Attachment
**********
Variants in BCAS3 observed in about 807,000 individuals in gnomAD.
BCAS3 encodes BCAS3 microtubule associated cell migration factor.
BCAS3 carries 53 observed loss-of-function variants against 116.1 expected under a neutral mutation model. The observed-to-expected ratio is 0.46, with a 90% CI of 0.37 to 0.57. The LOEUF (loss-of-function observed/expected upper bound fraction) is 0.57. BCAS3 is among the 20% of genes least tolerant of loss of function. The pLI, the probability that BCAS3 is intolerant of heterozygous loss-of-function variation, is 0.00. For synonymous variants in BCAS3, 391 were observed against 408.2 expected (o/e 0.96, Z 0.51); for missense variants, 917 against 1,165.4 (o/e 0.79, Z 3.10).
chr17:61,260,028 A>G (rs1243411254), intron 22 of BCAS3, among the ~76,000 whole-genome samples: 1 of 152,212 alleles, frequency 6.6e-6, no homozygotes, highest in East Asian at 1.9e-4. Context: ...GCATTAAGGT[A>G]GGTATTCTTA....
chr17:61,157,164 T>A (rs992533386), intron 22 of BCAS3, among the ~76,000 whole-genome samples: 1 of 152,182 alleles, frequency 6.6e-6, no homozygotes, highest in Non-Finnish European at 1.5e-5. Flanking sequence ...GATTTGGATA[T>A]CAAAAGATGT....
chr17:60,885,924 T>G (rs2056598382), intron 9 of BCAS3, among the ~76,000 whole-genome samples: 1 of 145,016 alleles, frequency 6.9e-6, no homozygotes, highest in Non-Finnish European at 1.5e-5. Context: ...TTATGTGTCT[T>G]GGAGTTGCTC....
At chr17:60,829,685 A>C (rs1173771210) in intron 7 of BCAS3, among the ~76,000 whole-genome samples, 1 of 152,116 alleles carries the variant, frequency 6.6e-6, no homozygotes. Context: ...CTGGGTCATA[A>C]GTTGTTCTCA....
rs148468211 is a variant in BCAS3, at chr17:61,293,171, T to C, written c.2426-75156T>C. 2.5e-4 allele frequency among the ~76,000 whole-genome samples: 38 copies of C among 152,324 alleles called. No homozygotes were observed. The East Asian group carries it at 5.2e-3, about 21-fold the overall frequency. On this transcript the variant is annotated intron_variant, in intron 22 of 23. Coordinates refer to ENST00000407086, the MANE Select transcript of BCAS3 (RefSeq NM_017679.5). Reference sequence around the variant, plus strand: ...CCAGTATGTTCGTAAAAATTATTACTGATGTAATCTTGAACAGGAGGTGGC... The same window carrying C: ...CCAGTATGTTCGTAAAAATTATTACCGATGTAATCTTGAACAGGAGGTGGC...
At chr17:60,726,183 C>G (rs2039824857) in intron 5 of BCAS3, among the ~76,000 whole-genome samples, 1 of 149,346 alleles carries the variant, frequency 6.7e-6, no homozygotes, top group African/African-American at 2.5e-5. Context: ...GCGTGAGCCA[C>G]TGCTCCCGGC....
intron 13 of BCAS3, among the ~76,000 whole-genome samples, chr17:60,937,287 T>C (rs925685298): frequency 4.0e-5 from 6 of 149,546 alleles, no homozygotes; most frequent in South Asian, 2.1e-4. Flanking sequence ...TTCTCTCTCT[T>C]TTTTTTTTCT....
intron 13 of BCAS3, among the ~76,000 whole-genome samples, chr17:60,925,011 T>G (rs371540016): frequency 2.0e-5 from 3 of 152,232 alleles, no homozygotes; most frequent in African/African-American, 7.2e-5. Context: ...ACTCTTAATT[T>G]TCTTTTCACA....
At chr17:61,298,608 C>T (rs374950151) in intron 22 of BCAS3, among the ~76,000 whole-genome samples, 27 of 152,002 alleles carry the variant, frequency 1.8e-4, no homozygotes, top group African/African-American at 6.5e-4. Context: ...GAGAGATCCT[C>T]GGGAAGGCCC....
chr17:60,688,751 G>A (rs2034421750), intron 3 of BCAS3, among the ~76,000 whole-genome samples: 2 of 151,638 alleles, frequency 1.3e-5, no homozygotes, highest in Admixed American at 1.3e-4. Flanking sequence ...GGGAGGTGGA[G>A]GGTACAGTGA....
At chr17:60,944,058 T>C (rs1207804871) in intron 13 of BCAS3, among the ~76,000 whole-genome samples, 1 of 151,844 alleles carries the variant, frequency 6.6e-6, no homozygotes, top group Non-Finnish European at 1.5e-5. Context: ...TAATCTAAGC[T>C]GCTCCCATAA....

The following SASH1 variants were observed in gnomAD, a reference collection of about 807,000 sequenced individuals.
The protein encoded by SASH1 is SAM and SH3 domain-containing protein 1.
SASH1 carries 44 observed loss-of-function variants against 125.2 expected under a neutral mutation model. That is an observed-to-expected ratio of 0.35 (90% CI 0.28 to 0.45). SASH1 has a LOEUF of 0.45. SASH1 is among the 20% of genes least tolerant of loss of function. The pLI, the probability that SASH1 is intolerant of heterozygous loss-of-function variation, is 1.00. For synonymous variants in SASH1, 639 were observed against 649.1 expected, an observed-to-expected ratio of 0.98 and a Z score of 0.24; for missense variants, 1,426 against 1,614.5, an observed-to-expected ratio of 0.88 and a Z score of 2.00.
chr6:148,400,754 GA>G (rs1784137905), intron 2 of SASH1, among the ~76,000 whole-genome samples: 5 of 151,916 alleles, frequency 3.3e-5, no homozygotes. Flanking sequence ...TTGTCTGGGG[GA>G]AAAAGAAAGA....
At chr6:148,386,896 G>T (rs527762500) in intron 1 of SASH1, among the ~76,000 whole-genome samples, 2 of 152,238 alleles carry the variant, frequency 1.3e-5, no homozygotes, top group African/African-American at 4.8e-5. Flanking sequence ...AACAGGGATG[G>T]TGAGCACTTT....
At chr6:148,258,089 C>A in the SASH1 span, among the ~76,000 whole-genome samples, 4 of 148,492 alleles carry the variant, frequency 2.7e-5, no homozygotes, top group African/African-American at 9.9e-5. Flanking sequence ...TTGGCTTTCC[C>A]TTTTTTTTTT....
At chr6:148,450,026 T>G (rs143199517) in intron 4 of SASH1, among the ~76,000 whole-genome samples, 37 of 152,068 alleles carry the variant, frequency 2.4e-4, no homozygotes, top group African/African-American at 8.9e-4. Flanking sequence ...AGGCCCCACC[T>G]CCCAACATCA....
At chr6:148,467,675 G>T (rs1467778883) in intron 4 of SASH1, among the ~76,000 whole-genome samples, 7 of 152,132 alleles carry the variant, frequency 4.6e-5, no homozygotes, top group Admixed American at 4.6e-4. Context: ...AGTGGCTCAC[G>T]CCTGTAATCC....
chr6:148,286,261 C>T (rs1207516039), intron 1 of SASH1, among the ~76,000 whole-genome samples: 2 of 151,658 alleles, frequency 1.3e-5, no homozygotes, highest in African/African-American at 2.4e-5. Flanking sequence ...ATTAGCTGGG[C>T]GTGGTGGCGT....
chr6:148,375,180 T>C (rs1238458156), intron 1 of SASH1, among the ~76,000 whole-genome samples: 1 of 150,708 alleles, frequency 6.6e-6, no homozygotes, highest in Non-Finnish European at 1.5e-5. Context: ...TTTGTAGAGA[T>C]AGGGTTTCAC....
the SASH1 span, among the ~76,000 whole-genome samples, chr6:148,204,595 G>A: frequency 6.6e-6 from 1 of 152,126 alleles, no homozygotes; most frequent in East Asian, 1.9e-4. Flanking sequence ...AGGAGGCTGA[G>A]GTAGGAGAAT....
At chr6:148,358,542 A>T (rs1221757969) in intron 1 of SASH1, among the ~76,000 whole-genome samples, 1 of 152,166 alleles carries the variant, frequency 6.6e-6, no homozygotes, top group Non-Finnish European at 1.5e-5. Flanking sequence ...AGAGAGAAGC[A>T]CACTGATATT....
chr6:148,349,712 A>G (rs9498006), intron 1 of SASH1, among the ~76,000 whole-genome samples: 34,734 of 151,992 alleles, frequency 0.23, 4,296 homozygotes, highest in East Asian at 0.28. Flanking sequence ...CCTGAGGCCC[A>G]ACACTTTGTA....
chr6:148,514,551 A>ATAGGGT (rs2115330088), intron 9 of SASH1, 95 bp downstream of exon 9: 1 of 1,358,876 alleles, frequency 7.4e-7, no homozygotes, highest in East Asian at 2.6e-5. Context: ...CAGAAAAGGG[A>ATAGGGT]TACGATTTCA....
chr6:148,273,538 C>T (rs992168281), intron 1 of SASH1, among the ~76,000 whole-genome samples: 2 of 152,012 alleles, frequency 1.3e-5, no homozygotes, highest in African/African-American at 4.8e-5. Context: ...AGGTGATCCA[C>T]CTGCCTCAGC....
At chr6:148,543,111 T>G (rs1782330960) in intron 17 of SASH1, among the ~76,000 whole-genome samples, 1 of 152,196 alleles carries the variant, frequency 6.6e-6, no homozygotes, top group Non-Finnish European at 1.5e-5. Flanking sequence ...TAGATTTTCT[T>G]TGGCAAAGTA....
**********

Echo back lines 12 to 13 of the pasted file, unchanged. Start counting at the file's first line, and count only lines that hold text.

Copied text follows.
At chr17:61,298,608 C>T (rs374950151) in intron 22 of BCAS3, among the ~76,000 whole-genome samples, 27 of 152,002 alleles carry the variant, frequency 1.8e-4, no homozygotes, top group African/African-American at 6.5e-4. Context: ...GAGAGATCCT[C>T]GGGAAGGCCC....
chr17:60,688,751 G>A (rs2034421750), intron 3 of BCAS3, among the ~76,000 whole-genome samples: 2 of 151,638 alleles, frequency 1.3e-5, no homozygotes, highest in Admixed American at 1.3e-4. Flanking sequence ...GGGAGGTGGA[G>A]GGTACAGTGA....